Retroactive Effective Date For Capital Gains Tax Increase Is A Bad Idea
June 9, 2021
It appears that the White House is planning to make the effective date for its proposed tax increase on long-term capital gains retroactive to April 2021. If this were to happen, it may not only seem unfair, but it is also bad tax policy.
President Biden’s American Families Plan proposes increasing the tax rate on long-term capital gains for taxpayers with Adjusted Gross Incomes (AGI) greater than $1 million. Long-term capital gains for such taxpayers would be taxed at the same rate as ordinary income. The tax rate for these taxpayers would increase from 20% to 39.6%, plus the 3.8% Affordable Care Act tax on investment income. If this proposal is enacted, the Federal income tax could be as high as 43.4% on long-term capital gain income.
When the tax rates on long-term capital gains were increased in the past, the potential increase was announced along with a future effective date. A prospective effective date does two things: it avoids uncertainty for taxpayers and raises more tax dollars (at least in the short run). There have been two major increases in the tax rate applicable to long-term capital gains in the past 50 years. In the Tax Reform Act of 1986 (enacted October 22, 1986), the tax rate on long-term capital gains was increased from 20% in 1986 to 28% in 1987. This resulted in a 60% increase in the capital gains tax collected in 1986. The 1987 capital gains tax collections were slightly below 1985. The maximum rate on long-term capital gains was again increased in 2013 from 15% in 2012 to 23.8% in 2013. The expectation of this increase resulted in a 40% increase in the amount of tax collected on capital gains from 2011 to 2012.
The timing of payment of tax on capital gains is generally controlled by the taxpayer. If the tax rate seems too high, the taxpayer usually can wait to sell at a time when the tax rates are more favorable. Much research has been done on the optimal rate of capital gains tax to maximize the tax revenue. The higher the rate, the less likely taxpayers will sell assets and be subject to the tax. The American Families Plan’s proposed tax rate of 43.4% on capital gains is the highest tax rate on long-term capital gains in the past 100 years and the largest increase in the long-term capital gains rate in U.S. history. Many taxpayers who will be subject to this tax increase are likely to postpone recognition of capital gains longer than they would in the absence of a tax increase. If the American Families Plan effective date is retroactive, there will clearly be less tax collected than if the effective date were prospective (such as 1/1/22). Some in the Biden administration consider it a loophole to allow taxpayers to be able to sell prior to the effective date. Those who hold this view would seem to be more interested in soaking the rich than in maximizing tax revenue.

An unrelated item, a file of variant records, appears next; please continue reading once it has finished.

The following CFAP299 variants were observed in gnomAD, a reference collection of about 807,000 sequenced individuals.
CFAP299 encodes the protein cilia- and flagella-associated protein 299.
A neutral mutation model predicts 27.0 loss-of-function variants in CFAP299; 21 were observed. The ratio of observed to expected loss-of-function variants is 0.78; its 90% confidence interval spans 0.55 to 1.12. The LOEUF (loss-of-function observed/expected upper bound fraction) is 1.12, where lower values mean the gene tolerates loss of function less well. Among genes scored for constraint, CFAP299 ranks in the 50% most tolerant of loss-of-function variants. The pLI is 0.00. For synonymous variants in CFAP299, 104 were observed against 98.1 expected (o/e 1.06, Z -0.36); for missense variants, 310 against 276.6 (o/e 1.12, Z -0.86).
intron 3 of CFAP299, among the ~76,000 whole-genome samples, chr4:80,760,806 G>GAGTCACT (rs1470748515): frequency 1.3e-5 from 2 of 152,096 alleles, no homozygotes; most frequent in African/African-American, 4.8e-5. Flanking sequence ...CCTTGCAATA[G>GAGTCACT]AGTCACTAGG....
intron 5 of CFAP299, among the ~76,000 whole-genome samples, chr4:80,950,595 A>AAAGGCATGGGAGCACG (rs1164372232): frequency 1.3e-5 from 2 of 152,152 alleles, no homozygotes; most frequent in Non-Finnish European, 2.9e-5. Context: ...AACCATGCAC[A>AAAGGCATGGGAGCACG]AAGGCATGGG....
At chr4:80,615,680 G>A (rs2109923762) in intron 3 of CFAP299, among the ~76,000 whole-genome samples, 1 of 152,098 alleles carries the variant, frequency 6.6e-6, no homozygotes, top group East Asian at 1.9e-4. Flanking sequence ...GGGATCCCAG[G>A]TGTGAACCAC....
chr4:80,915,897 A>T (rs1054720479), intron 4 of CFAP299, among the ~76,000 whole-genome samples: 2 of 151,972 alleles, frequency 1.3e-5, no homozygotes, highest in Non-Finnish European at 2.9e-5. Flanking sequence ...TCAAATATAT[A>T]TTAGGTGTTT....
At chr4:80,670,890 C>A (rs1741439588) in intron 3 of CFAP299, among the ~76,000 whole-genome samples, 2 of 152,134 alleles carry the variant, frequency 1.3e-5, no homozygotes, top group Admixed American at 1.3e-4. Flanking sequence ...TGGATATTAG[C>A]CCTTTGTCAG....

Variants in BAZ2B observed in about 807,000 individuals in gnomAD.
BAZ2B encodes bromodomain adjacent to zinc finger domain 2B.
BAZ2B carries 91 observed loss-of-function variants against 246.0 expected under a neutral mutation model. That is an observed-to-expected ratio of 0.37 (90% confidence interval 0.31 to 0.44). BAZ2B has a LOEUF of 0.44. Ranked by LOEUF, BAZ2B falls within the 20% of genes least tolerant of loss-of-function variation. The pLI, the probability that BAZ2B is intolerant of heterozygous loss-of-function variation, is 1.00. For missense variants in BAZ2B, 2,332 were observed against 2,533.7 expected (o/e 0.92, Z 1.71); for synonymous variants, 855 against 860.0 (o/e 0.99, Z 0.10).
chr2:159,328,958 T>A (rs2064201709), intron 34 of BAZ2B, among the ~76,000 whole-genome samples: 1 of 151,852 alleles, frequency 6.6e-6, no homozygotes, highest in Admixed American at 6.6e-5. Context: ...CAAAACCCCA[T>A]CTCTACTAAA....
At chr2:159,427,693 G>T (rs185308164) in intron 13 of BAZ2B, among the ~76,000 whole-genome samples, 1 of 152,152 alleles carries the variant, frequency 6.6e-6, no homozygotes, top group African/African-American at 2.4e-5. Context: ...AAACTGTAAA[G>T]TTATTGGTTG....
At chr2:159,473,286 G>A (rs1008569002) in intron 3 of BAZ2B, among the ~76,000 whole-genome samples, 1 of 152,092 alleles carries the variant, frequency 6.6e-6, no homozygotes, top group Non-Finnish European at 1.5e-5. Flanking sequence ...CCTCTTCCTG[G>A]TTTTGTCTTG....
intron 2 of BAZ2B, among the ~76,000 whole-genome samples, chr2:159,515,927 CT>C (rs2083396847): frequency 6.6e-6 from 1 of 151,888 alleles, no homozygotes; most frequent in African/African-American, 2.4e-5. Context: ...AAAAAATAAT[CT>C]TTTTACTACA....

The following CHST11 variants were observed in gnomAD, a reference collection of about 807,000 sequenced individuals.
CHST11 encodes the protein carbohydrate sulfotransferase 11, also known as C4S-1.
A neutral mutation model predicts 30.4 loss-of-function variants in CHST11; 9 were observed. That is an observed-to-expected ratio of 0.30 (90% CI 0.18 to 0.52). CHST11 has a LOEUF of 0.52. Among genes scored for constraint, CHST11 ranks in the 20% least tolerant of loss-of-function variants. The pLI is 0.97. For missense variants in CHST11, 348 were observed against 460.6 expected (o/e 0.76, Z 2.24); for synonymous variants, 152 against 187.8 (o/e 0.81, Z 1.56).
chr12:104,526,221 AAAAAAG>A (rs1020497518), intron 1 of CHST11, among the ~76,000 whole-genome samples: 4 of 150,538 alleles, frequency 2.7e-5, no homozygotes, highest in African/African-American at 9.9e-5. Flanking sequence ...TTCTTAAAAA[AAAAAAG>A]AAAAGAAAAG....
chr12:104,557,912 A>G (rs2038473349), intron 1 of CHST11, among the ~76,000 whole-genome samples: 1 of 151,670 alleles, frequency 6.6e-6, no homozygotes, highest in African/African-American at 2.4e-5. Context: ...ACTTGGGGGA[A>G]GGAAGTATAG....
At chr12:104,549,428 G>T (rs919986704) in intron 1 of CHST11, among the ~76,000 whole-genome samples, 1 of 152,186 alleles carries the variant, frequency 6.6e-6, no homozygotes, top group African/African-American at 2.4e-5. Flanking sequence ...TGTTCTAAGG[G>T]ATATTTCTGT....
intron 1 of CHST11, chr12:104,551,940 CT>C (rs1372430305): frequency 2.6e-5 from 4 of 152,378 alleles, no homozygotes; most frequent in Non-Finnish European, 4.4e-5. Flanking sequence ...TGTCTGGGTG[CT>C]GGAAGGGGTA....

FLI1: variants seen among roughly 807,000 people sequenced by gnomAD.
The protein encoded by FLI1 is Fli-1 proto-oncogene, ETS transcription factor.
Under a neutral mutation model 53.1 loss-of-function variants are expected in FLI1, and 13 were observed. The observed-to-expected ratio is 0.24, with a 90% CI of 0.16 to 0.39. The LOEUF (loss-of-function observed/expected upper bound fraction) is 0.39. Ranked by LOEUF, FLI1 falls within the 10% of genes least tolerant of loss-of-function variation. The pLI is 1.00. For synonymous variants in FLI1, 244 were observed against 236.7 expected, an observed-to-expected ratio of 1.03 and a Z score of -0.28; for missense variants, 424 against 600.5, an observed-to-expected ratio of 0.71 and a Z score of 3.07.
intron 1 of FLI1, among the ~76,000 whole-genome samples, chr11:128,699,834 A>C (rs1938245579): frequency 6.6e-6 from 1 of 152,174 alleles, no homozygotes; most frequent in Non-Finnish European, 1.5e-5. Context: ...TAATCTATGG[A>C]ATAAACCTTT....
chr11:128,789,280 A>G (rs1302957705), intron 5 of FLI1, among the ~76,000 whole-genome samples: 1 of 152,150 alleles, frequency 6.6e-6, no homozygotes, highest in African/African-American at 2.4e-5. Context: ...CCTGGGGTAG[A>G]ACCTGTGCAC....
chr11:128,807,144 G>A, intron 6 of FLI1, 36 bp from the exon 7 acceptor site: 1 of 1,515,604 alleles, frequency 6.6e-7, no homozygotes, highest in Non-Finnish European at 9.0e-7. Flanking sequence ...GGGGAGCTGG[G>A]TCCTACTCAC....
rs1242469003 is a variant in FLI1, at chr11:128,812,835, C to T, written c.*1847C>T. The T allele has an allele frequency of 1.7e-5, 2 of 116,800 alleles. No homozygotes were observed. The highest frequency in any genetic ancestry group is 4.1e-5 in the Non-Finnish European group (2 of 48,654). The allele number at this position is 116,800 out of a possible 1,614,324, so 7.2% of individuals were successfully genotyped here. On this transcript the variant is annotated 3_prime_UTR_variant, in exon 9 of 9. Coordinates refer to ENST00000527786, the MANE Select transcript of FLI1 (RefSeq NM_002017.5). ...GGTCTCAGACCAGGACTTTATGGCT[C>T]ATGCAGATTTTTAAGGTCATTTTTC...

Tax Planning For Higher Capital Gains Rates
Since the proposal applies only to those taxpayers whose AGI exceeds $1 million, taxpayers may be able to plan their gains so that their income does not exceed that threshold. For sales of businesses or real estate, one might be able to keep AGI below $1 million by using the installment sale provision to spread the gain over two or more years. Installment sale treatment is not allowed for publicly traded stock. One possibility to avoid the higher capital gain rate on the sale of publicly traded stock might be to contribute the stock to a charitable remainder trust (CRT). The CRT could sell the stock and pay the donor an income stream for a period of years or for life (or joint lives). Depending on the individual taxpayer’s facts and the assumptions used, even taxpayers with little charitable motivation can end up better off than they would through a sale of the stock that is taxed 43.4% plus state income tax (if any).